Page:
If anyone is in doubt that the telecoms industry is experiencing a major transformation, they need only look at recent product news from Orange. The telecom giant has just unveiled a Voice over Internet Protocol (VoIP) service called Libon allowing users, including its own customers, to make extensive free calls and messages on their mobile.
Some industry commentators, tongue only partially in cheek, referred to this as the telecom operators ‘disrupting themselves’. Indeed, to the casual observer it may seem odd behaviour from Orange to effectively undercut itself by making it easier for its customers to lower their calling bills, but there is logic behind the move.
Revenue from voice and messaging is in decline. Industry analyst Ovum claims that in the past two years $23 billion in revenue has been lost by operators as a result of social media and Over The Top (OTT) services. The rise of VoIP and OTT (Over the Top) services like Skype, Rebtel, Viber and WhatsApp have played a large part in this.
Orange isn’t the first operator to dip their toes into the VoIP waters, either. Other similar examples include T-Mobile with CleverConnect and O2 with Tu Me.
These moves into VoIP are signs of growing acceptance from operators that they must adapt their game, build new business models and source new revenue streams as the traditional ones won’t last forever.
An obvious revenue alternative for operators is data. Whilst data will generate major cash for operators for some time - particularly as the era of the smartphone and tablet has truly begun - it isn’t simply going to replace what they are losing from voice and messaging.
For instance, the growth of free Wi-Fi around the world, as well as innovative hardware like Freedom Pop (which switches you from paid to data to free Wi-Fi whenever it is available) will all impact on the profits data can create.
Furthermore, if operators rely too much on data they risk becoming nothing more than data pipes. To truly remain dominant in the industry, operators need to innovate and that means looking at new revenue sources and providing their own services to rival OTT offerings.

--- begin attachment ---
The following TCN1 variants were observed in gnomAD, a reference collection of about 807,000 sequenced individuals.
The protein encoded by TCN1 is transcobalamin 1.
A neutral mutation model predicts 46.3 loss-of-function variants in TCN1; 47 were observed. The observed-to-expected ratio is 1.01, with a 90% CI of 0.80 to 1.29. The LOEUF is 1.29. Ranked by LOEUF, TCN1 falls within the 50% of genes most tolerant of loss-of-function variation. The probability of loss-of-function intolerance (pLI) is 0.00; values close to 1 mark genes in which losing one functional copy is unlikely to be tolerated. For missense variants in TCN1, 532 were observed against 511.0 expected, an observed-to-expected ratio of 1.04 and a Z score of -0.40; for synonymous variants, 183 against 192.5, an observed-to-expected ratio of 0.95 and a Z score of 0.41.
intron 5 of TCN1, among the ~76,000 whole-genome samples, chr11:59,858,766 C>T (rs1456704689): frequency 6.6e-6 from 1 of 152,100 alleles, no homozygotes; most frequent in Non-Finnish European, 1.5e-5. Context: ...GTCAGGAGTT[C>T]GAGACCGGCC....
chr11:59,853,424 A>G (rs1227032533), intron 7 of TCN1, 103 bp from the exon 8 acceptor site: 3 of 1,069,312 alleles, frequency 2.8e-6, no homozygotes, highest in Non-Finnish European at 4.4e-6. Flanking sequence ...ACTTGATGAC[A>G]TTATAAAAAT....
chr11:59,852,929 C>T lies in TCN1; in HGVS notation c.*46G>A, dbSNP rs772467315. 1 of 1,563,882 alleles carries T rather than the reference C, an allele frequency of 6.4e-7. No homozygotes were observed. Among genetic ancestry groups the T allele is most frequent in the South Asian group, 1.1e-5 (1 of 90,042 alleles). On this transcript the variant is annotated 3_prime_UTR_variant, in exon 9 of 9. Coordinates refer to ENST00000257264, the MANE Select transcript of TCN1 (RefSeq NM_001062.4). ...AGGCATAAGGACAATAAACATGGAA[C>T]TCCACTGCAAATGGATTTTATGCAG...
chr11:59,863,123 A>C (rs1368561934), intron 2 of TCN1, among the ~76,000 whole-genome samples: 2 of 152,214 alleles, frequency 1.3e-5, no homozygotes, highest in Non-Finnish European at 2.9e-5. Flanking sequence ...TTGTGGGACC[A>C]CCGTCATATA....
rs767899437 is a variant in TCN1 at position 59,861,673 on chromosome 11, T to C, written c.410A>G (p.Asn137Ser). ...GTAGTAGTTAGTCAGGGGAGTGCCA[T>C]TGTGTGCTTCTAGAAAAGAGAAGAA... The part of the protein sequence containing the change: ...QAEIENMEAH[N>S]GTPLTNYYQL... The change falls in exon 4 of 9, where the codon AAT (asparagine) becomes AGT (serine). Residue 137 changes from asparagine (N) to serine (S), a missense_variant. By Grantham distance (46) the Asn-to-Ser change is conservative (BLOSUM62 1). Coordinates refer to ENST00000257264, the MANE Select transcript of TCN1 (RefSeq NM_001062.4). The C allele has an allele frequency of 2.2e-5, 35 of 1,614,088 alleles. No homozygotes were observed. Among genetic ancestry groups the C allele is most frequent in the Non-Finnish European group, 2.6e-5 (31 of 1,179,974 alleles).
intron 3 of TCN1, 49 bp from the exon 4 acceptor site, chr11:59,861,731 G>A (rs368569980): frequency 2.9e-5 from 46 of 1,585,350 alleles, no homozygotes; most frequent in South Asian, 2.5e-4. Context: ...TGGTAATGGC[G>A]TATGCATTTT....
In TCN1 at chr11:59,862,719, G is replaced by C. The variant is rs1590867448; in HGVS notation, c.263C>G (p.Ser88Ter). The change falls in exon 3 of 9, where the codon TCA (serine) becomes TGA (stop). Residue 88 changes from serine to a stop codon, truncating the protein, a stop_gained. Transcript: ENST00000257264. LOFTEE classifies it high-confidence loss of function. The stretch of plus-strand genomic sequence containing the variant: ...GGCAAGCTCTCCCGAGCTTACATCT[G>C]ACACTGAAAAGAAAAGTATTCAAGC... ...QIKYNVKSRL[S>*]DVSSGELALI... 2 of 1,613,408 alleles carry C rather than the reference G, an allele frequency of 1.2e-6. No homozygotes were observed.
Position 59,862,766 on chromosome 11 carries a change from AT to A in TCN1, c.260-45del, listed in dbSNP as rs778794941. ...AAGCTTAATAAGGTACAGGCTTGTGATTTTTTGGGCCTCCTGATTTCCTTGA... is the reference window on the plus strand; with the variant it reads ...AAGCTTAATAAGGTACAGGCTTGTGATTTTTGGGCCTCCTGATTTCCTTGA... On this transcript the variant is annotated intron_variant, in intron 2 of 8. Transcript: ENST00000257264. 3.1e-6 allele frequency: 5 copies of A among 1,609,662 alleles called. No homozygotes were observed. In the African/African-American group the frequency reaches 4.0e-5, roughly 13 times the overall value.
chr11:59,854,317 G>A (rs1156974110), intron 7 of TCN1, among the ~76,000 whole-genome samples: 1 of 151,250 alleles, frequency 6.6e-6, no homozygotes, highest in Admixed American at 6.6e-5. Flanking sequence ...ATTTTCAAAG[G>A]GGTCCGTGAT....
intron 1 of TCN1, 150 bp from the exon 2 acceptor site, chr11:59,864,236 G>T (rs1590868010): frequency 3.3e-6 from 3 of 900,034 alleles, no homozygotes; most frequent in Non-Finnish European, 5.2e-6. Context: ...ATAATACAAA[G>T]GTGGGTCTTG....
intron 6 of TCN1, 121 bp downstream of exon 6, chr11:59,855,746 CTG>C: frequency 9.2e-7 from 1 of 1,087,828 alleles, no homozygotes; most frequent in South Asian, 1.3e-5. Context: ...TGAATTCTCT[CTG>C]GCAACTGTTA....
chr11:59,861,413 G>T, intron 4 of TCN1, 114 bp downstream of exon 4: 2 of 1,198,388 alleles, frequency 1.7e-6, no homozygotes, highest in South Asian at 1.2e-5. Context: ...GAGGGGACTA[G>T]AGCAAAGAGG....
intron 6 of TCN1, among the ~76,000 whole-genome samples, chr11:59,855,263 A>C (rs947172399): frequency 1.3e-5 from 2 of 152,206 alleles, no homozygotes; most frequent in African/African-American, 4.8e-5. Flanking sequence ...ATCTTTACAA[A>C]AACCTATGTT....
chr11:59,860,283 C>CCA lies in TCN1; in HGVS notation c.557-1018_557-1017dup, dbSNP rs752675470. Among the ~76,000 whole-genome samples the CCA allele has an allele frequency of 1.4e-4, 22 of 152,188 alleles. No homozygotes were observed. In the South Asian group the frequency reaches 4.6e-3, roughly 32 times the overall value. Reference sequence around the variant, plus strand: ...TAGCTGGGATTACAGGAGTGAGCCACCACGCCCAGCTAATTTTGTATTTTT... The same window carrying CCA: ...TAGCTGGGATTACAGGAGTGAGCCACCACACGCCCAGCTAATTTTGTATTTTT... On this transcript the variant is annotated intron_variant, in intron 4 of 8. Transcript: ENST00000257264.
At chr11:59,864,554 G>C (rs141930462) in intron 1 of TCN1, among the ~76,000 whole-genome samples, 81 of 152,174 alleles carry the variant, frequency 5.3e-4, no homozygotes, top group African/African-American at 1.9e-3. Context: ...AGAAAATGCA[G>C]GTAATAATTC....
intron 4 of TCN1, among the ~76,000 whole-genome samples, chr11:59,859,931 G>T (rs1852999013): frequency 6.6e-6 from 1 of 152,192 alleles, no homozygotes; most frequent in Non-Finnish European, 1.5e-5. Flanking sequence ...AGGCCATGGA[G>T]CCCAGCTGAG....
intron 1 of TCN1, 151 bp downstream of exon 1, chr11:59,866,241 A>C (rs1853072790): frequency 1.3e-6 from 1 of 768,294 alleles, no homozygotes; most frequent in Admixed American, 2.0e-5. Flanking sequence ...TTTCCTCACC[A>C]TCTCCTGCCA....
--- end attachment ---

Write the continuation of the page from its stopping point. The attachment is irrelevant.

There is evidence, albeit in small doses, that operators are cottoning on to this.
In October Deutsche Telecom teamed up with online music service Spotify to offer users the premium streaming service without eating into their personal data allowance. We’ve also seen partnerships between Orange and Facebook or AT&T and Mi-Fi. (ed: Three and Skype in the UK has been the longest standing of such agreements). Operators are taking these steps because they know if they don’t offer the services customers want, the customers will simply source them elsewhere. With every service a user gets from on OTT provider, the relationship between user and operator weakens.
As well as working with OTT services to provide offerings their customers are demanding, operators are also beginning to cast their net wider and source revenue from outside the telecoms industry. AT&T is at the forefront of this, recently teaming up with IBM to offer Fortune 1000 companies cloud-computing resources. Similarly, O2 has set up an analysis division to try to monetise the vast amount of real time mobile data it currently harvest.
The above are just a couple of examples of the pickings outside the traditional telecom revenues that are there to be had by sharp operators.
So while some commentators may be confused by operators ‘self-disrupting’, there is method in the apparent madness. To remain relevant operators need to become more flexible and take a proactive stance in regards to new business models.
The chances are that those operators which go on the offensive and ‘disrupt’ themselves will gain far more than those that simply get defensive and try to cling onto past markets.
Andreas Bernström is the CEO of Sweden-based Rebtel, the world’s largest independent VoIP company by revenue. He has overall responsibility for company strategy and direction. Andreas works to ensure that the business runs smoothly now and in the future.